Flowing for roughly 100 miles through the Clearwater National Forest, the Middle Fork Clearwater and Lochsa rivers traverse the homeland of the Nez Perce people. The Middle Fork Clearwater River and one of its main tributaries, the Lochsa River, were among America’s first rivers to be designated under the Wild and Scenic Rivers Act. Highway 12, which follows the Clearwater, was designated as a National Scenic Byway due to its circuitous route through a narrow river canyon of unparalleled beauty.  This river corridor supports a vibrant recreational economy while remaining an integral component of the Nez Perce Tribe’s way of life.

The annual America’s Most Endangered Rivers® report is a list of rivers at a crossroads, where key decisions in the coming months will determine the rivers’ fates.  Over the years, the report has helped spur many successes including the removal of outdated dams, the protection of rivers with Wild and Scenic designations, and the prevention of harmful development and pollution.

America’s Most Endangered Rivers® of 2014:

#1  San Joaquin River
California
Threat:  Outdated water management and excessive diversions
At Risk:  River health and resilient communities

#2  Upper Colorado River System
Colorado
Threat:  New trans-mountain water diversions
At Risk:  River health and recreation

#3  Middle Mississippi River
Missouri, Illinois, Kentucky
Threat:  Outdated flood management
At Risk:  Wildlife habitat and public safety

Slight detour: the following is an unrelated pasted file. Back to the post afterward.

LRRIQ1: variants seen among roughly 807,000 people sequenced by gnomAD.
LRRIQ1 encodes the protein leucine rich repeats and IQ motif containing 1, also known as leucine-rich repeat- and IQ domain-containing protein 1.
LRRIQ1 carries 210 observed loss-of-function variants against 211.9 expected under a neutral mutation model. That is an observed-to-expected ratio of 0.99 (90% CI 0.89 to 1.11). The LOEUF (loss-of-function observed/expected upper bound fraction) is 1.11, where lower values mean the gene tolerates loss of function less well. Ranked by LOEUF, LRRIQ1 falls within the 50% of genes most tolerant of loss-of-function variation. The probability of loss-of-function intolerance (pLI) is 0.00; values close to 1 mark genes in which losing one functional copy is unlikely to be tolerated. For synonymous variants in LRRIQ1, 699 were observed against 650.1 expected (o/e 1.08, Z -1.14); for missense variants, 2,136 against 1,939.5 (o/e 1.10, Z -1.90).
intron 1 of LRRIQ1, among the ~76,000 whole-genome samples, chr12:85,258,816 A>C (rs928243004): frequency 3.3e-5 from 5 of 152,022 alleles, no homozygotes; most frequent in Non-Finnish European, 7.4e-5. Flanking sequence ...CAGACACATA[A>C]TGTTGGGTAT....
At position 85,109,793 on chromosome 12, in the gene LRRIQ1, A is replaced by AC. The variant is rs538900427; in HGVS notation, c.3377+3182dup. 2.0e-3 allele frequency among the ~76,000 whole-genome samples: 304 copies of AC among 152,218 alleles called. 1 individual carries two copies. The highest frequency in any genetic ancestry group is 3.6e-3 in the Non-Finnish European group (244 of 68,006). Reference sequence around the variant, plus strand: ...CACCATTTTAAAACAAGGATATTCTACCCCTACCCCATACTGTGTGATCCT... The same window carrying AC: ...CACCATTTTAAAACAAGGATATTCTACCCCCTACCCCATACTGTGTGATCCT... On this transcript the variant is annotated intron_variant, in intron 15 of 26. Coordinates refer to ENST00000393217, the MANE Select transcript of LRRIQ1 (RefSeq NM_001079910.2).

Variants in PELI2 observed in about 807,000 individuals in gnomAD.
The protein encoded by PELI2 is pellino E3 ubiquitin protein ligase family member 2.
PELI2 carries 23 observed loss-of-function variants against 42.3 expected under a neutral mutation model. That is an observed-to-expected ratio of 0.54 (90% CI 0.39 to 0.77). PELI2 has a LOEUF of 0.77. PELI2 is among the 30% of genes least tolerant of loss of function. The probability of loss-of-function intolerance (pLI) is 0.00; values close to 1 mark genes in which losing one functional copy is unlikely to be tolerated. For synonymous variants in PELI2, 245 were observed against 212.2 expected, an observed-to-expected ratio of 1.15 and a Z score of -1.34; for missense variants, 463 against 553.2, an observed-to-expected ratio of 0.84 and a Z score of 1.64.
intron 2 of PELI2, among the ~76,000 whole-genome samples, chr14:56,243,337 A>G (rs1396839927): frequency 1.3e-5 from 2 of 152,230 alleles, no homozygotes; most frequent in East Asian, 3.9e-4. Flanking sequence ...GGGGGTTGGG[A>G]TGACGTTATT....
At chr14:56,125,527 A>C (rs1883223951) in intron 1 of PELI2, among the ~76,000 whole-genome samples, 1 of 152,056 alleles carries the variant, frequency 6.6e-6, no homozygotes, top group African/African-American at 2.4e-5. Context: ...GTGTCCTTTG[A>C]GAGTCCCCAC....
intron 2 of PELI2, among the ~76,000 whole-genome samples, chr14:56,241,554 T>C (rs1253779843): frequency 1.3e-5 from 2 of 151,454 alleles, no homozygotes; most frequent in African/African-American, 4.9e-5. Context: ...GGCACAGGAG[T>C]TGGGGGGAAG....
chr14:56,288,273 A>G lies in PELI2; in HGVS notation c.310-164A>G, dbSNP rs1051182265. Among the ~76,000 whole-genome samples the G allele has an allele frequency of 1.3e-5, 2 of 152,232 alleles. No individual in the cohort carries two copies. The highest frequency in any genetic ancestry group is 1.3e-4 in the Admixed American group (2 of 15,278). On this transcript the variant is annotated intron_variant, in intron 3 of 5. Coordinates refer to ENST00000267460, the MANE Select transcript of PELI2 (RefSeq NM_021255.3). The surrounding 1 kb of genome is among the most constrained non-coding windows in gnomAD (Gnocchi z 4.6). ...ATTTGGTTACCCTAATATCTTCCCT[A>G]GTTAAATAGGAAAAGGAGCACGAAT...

#4  Gila River
New Mexico
Threat:  New water diversions
At Risk:  River health, fish & wildlife, recreation, and tourism

#5  San Francisquito Creek
California
Threat:  Dam
At Risk:  Fish and wildlife habitat and public safety

#6  South Fork Edisto River
South Carolina
Threat:  Excessive water withdrawals
At Risk:  Fish and wildlife habitat, recreation, and water quality

#7  White River (CO)
Colorado
Threat:  Oil and gas drilling
At Risk:  Drinking water supplies and fish and wildlife habitat

#8  White River (WA)
Washington
Threat:  Outdated dam and fish passage facilities
At Risk:  Salmon, steelhead, and bull trout populations

#9  Haw River
North Carolina
Threat:  Polluted runoff
At Risk:  Clean water

#10  Clearwater/Lochsa Rivers
Idaho
Threat:  Industrialization of a Wild and Scenic River corridor
At risk:  Scenery, solitude, world-class recreational values


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About American Rivers

About American Rivers

American Rivers protects wild rivers, restores damaged rivers, and conserves clean water for people and nature. Since 1973, American Rivers has protected and restored more than 150,000 miles of rivers through advocacy efforts, on-the-ground projects, and the annual America’s Most Endangered Rivers® campaign. Headquartered in Washington, DC, American Rivers has offices across the country and more than 200,000 members, supporters, and volunteers.

Rivers connect us to each other, nature, and future generations. Find your connections at AmericanRivers.org, Facebook.com/AmericanRivers, and Twitter.com/AmericanRivers.